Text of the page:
A campaign flier recently sent out by state Senate candidate Bill Konopnicki fabricates a quote and warns residents that challenger Sen. Sylvia Allen’s plan to set Gila Community College free will “take funding from rural community colleges and could cause some to shut down.”
Aimed at households outside of Gila County, Konopnicki warned that Allen “has a plan to take money from our students at Northland Pioneer and Eastern Arizona Colleges.”
The flier also fabricated a quote by Kevin McCarthy, president of the Arizona Tax Research Association. McCarthy sits on the task force Allen started to draft legislation to award GCC accreditation.
“Allen’s plan for Gila Community College to become independent is a colossal waste of time,” the flier alleged McCarthy said. In reality, McCarthy said at a recent task force meeting that basing the plan on winning more rural college money from the state was a “colossal waste of time.”
McCarthy said Monday, “to say that I said Allen’s plan is a colossal waste of time — that’s inaccurate.”
McCarthy said the flier frustrated him because his organization is non-partisan and strives to stay out of campaign cross-fires.
“I think it’s probably the first time in my career I’ve been pulled into one of these races in quite this manner,” he said. He said that the tax research association has looked at GCC’s provisional status with sympathy.
This flier comes after Konopnicki first called the existing college a “miracle” in March. Then in April, he suggested starting a study committee, and accused Allen of stealing his idea for a GCC task force.
And just last month, Konopnicki told Payson residents at a July campaign debate that he supported GCC’s bid for independence.
Konopnicki did not respond to a request for comment before press time.
Allen called it, “the latest indication of Mr. Konopnicki’s willingness to distort the facts to suit his own agenda,” in a press release.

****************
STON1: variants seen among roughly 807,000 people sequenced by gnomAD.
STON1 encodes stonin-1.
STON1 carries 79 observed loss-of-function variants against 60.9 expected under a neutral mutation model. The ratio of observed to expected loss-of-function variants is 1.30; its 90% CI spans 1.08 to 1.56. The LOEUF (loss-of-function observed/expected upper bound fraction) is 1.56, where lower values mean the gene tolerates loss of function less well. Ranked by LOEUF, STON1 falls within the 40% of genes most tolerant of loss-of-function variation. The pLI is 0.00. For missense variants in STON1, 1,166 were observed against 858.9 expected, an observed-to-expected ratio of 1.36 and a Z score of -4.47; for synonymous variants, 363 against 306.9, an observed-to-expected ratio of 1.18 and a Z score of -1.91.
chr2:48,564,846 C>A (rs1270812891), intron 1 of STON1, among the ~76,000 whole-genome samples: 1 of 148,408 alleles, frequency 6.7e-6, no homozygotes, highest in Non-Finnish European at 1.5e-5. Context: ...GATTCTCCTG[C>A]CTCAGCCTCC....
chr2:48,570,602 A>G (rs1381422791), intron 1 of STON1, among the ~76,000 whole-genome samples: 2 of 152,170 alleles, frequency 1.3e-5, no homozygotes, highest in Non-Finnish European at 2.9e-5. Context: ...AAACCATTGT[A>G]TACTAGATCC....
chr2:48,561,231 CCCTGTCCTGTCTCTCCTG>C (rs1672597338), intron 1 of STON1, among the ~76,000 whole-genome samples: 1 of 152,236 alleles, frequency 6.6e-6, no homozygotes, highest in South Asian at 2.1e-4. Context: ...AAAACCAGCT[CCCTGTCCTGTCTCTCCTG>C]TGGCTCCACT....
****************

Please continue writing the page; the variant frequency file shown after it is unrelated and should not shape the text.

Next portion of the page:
GCC board and task force member Tom Loeffler said that voters don’t need “scare tactics when they are making political decisions as to the merits of candidates.”
Ultimately, whoever wins November’s state Senate race will be largely responsible for shepherding the task force’s proposal into law.
State statute forbids Gila County from operating an independent college because the county falls short of population and tax-base thresholds. GCC operates as a so-called provisional college, which must contract with a full-fledged community college for accreditation.
For now, GCC contracts with Graham County’s EAC. Both colleges fall inside the same legislative district, and GCC’s run for freedom has emerged as a key issue for August’s legislative primary. While opposing Allen’s plan, Konopnicki has also introduced bills for EAC to offer four-year degrees.
“We need voters to know the facts and to base their decisions on true information, not on scare tactics,” wrote Allen in an e-mail response to a request for comment.
In a statement, Allen wrote that Gila County taxpayers have financially supported other community colleges statewide for the past decade, while GCC’s per-student state funding levels have fallen far short of state averages.
In 2010, GCC received $808 per full-time student while EAC received more than $9,500.
A $35 million pot of money designated specifically for rural community colleges accounted for most of the difference. For now, provisional colleges don’t receive any of this money, and Gila’s potential entry into the pot as a full-fledged college has stirred tensions.
“I understand the state’s budget shortfalls and the tight budgets that the community colleges are dealing with,” wrote Allen. “My plan, with the help of the task force, would not divert any current funding now going to other community colleges.”
In fact, Allen says colleges like EAC could actually receive more money because of changes that would occur in the funding formula.
Allen says the task force’s ultimate plan will outline a road to independence that doesn’t require new state taxes.
Also, the president of Northland Pioneer College, whose students Konopnicki warned would lose money if GCC gained independence, sits on the task force.
Meanwhile, Konopnicki’s flier quotes EAC President Mark Bryce as saying that the rural college funding “is like oxygen. Without it, our mission of providing higher education in rural Arizona is at risk.”
EAC received $17 million of rural college money in 2010 — about half the total pot.
Bryce “has nothing to talk about since his college is getting $17 million in equalization aid (rural college money) at the same time as Gila is getting zero,” Allen wrote in an e-mail.